• Entity Qualifications: Certain entities, such as trusts, corporations, partnerships, or LLCs, may also qualify as accredited investors if they meet certain financial standards. These entities may need to exceed $5 million in assets.

It’s important to note that being an accredited investor provides access to certain investment opportunities, but it also comes with a higher level of financial risk. Commercial real estate investments often require a deep understanding of the market and financial acumen. If you meet these criteria and are interested in commercial real estate investments, it’s advisable to consult with a qualified financial advisor to assess the suitability of such investments for your financial portfolio. Additionally, you should carefully evaluate the specific opportunities and conduct thorough due diligence before making any investment decisions.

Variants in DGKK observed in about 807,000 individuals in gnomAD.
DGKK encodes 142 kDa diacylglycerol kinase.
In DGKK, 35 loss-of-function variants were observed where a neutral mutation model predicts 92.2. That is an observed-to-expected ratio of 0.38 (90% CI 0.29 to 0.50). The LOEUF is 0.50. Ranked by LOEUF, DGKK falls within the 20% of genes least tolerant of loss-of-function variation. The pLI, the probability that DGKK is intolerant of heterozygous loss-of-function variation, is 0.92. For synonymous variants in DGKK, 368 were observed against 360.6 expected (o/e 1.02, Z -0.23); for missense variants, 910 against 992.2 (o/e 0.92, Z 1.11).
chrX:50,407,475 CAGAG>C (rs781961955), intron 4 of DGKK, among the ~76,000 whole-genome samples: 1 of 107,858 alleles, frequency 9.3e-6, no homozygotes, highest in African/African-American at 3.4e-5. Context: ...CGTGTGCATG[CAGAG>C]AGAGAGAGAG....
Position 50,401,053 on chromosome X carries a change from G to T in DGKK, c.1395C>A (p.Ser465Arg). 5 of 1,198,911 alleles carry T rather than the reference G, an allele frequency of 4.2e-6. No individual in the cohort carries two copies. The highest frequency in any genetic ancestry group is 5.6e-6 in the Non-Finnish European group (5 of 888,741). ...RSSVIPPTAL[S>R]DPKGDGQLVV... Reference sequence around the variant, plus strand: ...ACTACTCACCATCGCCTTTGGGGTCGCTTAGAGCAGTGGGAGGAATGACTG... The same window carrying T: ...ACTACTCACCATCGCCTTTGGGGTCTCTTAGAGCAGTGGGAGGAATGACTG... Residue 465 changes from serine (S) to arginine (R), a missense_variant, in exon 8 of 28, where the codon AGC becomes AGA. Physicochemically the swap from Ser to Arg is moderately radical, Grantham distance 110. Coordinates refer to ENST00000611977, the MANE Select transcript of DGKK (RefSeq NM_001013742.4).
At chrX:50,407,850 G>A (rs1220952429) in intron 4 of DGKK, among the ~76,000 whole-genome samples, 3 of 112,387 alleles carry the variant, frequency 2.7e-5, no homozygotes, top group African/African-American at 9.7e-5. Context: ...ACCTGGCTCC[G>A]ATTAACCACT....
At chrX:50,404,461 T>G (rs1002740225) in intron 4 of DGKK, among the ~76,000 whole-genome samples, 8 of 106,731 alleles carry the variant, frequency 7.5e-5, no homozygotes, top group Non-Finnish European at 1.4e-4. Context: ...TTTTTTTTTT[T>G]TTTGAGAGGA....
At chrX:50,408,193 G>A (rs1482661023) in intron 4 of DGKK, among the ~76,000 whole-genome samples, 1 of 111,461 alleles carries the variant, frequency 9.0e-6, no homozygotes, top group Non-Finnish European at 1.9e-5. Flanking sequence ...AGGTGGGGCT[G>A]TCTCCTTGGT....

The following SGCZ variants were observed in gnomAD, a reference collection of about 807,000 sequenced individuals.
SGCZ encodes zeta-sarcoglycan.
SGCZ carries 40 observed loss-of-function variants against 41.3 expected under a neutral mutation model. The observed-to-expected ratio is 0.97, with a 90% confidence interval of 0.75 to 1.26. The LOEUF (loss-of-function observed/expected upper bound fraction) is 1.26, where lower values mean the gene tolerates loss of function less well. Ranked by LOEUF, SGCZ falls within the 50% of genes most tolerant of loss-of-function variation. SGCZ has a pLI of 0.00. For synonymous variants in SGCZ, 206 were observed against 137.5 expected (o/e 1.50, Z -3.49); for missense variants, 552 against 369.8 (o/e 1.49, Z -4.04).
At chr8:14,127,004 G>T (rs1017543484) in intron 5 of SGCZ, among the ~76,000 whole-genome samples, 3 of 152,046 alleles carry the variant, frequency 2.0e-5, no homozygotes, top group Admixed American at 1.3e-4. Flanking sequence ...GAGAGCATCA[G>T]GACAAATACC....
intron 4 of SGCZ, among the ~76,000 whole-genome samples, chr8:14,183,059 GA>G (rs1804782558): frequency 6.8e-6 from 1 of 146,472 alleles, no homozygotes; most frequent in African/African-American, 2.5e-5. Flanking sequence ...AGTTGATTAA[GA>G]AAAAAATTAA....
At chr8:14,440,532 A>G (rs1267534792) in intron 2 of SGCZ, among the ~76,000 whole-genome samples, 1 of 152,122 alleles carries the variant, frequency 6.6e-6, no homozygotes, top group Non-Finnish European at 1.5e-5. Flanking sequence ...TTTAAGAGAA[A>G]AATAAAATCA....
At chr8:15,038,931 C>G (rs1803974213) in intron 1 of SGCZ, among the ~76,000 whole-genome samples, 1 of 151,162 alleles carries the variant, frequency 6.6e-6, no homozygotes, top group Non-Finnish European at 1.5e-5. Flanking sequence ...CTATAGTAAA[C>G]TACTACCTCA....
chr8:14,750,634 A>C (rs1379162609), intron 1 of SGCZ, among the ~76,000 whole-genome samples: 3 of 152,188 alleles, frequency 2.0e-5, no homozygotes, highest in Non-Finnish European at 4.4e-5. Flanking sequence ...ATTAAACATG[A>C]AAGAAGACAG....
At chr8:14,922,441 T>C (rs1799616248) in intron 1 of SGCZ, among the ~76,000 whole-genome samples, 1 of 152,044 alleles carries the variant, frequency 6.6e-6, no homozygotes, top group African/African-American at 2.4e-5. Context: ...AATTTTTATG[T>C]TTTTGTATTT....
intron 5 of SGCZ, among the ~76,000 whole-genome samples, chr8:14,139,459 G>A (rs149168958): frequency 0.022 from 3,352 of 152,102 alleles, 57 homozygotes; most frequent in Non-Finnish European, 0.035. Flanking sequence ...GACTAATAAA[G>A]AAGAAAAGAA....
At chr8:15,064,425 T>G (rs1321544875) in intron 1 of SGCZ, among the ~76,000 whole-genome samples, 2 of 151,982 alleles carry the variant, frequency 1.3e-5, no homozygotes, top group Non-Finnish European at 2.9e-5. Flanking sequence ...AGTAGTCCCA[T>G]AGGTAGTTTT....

Remember that the definition of an accredited investor can change over time, so it’s essential to stay informed about any updates to these requirements and consult legal or financial professionals to ensure you meet the criteria. Please note that this answer provides general information and should not be considered as legal or financial advice. Always seek professional guidance for specific questions related to your accredited investor status and investment decisions.

  • Personal Funds: You can invest using your personal savings or funds from your regular checking or savings accounts. This is the most straightforward method, and your returns and tax obligations will be based on your individual financial situation.